Saturday, September 10, 2022

Poetic Musings: Moon Festival by Chen-ou Liu

Moon Festival
alone, I whisper to myself
in my mother tongue

Sketchbook, 6:5, September/October 2011

Commentary (by Sketchbook Editor, John Daleiden): "Moon Festival" is an ancient Chinese cultural event occurring on the 15th of the 8th lunar month; the festival is a millennium-old festival, dating back to 2000 years ago. Different regions or groups of people have different ways to celebrate the festival. Generally speaking, it is mainly a night for family sharing time. Today, it is celebrated sometime between the second week of September and the first week of October. Chinese culture is deeply imbedded in traditional festivals; in the West traditions like Thanksgiving and Christmas are culturally similar in tenor to Eastern traditions like the Moon Festival. The celebration has many aspects. It is a very poetic and elegant celebration—people place ornaments and offerings next to windows, on verandas, and in other places where the moon can be seen in conjunction with items like vases filled with pampas grass and autumnal herbs—people prepare seasonal foods like dumplings, pears, persimmons, and grapes. Moon Festival is an occasion for family reunions, similar to the family events associated with an American (Western) Thanksgiving and / or Christmas. When the full moon rises, families get together to watch the full moon, eat moon cakes and sing moon poems (World Haiku DataBase).

The kigo, “Moon Festival” is laden with cultural meaning—and much of that meaning may be obscure to readers unfamiliar with Chinese traditions. In Chen-ou Liu’s haiku the kigo “Moon Festival” is a simplistic statement with a rich cultural message; that message is one of the advantages of haijian who use kigo. The kigo found in a saijiki have been selected because they, in a word or two, express volumes of meaning. In her World Haiku Data Base Dr. Gabi Greve has collected the information above about “Moon Festival”. …And in employing this kigo Chen-ou Liu is expressing the sentiments in a millennium of Chinese cultural custom. In the world of haiku, kigo carries out a rhetorical function that Western writers call understatement—a figure of speech in which a writer / speaker deliberately makes a situation seem less important or serious than it is. The direct and denotative kigo statement, “Moon Festival”, shows restraint and a lack of emphasis, when in point of fact the phrase is an understatement that really conveys a host of implied and connotative details expressed in the previous paragraph. The kigo is the most important element in this haiku and it is balanced against the second most important element, the word “alone”. In this haiku the narrator finds himself in a painful situation on this family occasion—he is “alone”, isolated from the meaningful events and occasions of his past. These two elements of this haiku offer a contrast of the past with the present—and the two situations are painfully different. Through understatement Chen-ou Liu displays a severe contrast between the descriptive details of what usually takes place during a “Moon Festival” and what in reality is taking place for the narrator on this particular “Moon Festival”—he is alone. His subsequent action: “I whisper to myself / in my mother tongue” is a second understated event. He “whispers” and his chosen expression is “in my mother tongue” a language he probably no longer uses for daily communication, having had to learn a new language because the environment in which he lives does not use his “mother tongue” for communication. This haiku uses simple language embedded in a complex structure; this haiku is a memorable example of restraint in artistic expression. Through understatement the reader comes to comprehend what is not being said directly and understands the pain the narrator is experiencing.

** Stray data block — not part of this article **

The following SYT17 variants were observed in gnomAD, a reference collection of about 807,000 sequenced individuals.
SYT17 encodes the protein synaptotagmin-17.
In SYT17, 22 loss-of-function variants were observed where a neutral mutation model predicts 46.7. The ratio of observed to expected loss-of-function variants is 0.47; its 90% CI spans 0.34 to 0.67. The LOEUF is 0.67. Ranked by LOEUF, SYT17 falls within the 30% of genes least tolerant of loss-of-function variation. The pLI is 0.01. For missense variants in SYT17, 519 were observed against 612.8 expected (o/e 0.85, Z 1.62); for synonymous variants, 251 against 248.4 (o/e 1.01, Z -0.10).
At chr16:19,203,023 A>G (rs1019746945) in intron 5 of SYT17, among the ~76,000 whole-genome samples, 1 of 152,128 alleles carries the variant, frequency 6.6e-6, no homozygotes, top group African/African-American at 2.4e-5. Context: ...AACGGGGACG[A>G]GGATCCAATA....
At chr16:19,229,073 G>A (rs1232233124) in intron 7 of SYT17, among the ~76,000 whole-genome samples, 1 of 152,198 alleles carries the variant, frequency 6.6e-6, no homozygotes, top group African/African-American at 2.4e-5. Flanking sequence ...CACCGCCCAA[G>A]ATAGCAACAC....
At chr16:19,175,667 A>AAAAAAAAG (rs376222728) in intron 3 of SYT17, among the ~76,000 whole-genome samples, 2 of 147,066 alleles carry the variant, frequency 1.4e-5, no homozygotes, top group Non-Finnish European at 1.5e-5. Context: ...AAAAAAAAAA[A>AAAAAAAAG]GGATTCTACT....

Note: Below is a relevant excerpt from  "Featured Poet: An Evaluation and Introspective Look at the Haiku of Chen-ou Liu by Robert D. Wilson" (Simply Haiku, Autumn 2010):

... The first poem I ever memorized was [Li Po's] “Thoughts in Night Quiet,” the best known of all Chinese poems, especially among Chinese living overseas:

Seeing moonlight here at my bed,
and thinking it's frost on the ground,

I look up, gaze at the mountain moon,
then back, dreaming of my old home.

-- translated by David Hinton

When I was six, my father recited this poem to me with watery eyes. At that time, he hadn’t seen his family for two decades since he came to Taiwan in 1949, with the defeated Chinese Nationalist Army. I memorized the poem and didn’t fully reflect upon its meaning in my heart and mind. Little was understood about the suffering endured by my father and his generation due to the Chinese Civil War. It was not until the seventh year since I emigrated to Canada that I’d experienced this pang of nostalgic longing explored in Li’s poem through the moon imagery – a symbol of distance and family reunion – portrayed in simple and evocative language. Since then, every time when I thought of my parents, my family, and my hometown, I recited “Thoughts in Night Quiet,” which is not only Li’s poem but also mine...

To conclude today's post, I would like to share with you the following tanka:

written both for the Chinese Moon Festival
and in response to Haruki Murakami's remark: All I do is keep on running in my own cozy, homemade void, my own nostalgic silence

alone again
in this Land of Maple Leaf
with a slice of mooncake
I drink Pinot Noir, dwelling
in nostalgic silence

FYI: Michelin Guide, August 28, 2019: "How To Pair Wine With Mooncakes," 

No comments:

Post a Comment